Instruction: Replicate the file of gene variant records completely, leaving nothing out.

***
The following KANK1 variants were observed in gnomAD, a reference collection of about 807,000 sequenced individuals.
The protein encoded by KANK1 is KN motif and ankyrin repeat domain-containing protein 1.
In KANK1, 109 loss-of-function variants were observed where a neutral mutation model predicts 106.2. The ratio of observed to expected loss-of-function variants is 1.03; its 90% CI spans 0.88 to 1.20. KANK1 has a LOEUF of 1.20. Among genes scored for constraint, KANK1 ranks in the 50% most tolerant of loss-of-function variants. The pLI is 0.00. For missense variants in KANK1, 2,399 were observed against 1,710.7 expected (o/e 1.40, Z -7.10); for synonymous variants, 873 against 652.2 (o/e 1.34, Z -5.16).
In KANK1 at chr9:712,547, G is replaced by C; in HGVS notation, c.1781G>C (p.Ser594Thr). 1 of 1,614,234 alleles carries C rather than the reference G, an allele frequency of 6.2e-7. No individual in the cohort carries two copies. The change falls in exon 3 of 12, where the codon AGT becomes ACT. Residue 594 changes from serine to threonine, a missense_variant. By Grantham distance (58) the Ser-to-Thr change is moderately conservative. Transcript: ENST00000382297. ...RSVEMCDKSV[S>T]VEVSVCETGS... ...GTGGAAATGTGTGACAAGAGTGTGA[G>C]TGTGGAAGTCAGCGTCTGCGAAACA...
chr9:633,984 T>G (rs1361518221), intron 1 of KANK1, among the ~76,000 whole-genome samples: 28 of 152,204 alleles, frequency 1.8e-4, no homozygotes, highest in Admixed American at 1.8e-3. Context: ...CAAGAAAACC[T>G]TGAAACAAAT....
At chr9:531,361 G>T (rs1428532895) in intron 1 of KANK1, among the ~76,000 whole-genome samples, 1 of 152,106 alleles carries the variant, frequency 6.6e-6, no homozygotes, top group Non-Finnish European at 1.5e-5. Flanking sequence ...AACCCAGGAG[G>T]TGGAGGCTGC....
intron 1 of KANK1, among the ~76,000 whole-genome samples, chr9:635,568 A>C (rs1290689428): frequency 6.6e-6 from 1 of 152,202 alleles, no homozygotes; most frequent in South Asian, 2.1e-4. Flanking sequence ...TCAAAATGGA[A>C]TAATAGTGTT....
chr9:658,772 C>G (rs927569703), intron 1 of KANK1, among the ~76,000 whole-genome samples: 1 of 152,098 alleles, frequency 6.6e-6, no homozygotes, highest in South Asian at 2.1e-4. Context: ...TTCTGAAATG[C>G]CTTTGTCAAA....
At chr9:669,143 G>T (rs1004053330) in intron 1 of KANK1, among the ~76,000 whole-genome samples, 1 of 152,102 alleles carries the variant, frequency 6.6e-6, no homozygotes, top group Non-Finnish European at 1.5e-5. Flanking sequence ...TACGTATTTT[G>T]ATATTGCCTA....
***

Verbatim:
The following KANK1 variants were observed in gnomAD, a reference collection of about 807,000 sequenced individuals.
The protein encoded by KANK1 is KN motif and ankyrin repeat domain-containing protein 1.
In KANK1, 109 loss-of-function variants were observed where a neutral mutation model predicts 106.2. The ratio of observed to expected loss-of-function variants is 1.03; its 90% CI spans 0.88 to 1.20. KANK1 has a LOEUF of 1.20. Among genes scored for constraint, KANK1 ranks in the 50% most tolerant of loss-of-function variants. The pLI is 0.00. For missense variants in KANK1, 2,399 were observed against 1,710.7 expected (o/e 1.40, Z -7.10); for synonymous variants, 873 against 652.2 (o/e 1.34, Z -5.16).
In KANK1 at chr9:712,547, G is replaced by C; in HGVS notation, c.1781G>C (p.Ser594Thr). 1 of 1,614,234 alleles carries C rather than the reference G, an allele frequency of 6.2e-7. No individual in the cohort carries two copies. The change falls in exon 3 of 12, where the codon AGT becomes ACT. Residue 594 changes from serine to threonine, a missense_variant. By Grantham distance (58) the Ser-to-Thr change is moderately conservative. Transcript: ENST00000382297. ...RSVEMCDKSV[S>T]VEVSVCETGS... ...GTGGAAATGTGTGACAAGAGTGTGA[G>C]TGTGGAAGTCAGCGTCTGCGAAACA...
chr9:633,984 T>G (rs1361518221), intron 1 of KANK1, among the ~76,000 whole-genome samples: 28 of 152,204 alleles, frequency 1.8e-4, no homozygotes, highest in Admixed American at 1.8e-3. Context: ...CAAGAAAACC[T>G]TGAAACAAAT....
At chr9:531,361 G>T (rs1428532895) in intron 1 of KANK1, among the ~76,000 whole-genome samples, 1 of 152,106 alleles carries the variant, frequency 6.6e-6, no homozygotes, top group Non-Finnish European at 1.5e-5. Flanking sequence ...AACCCAGGAG[G>T]TGGAGGCTGC....
intron 1 of KANK1, among the ~76,000 whole-genome samples, chr9:635,568 A>C (rs1290689428): frequency 6.6e-6 from 1 of 152,202 alleles, no homozygotes; most frequent in South Asian, 2.1e-4. Flanking sequence ...TCAAAATGGA[A>C]TAATAGTGTT....
chr9:658,772 C>G (rs927569703), intron 1 of KANK1, among the ~76,000 whole-genome samples: 1 of 152,098 alleles, frequency 6.6e-6, no homozygotes, highest in South Asian at 2.1e-4. Context: ...TTCTGAAATG[C>G]CTTTGTCAAA....
At chr9:669,143 G>T (rs1004053330) in intron 1 of KANK1, among the ~76,000 whole-genome samples, 1 of 152,102 alleles carries the variant, frequency 6.6e-6, no homozygotes, top group Non-Finnish European at 1.5e-5. Flanking sequence ...TACGTATTTT[G>T]ATATTGCCTA....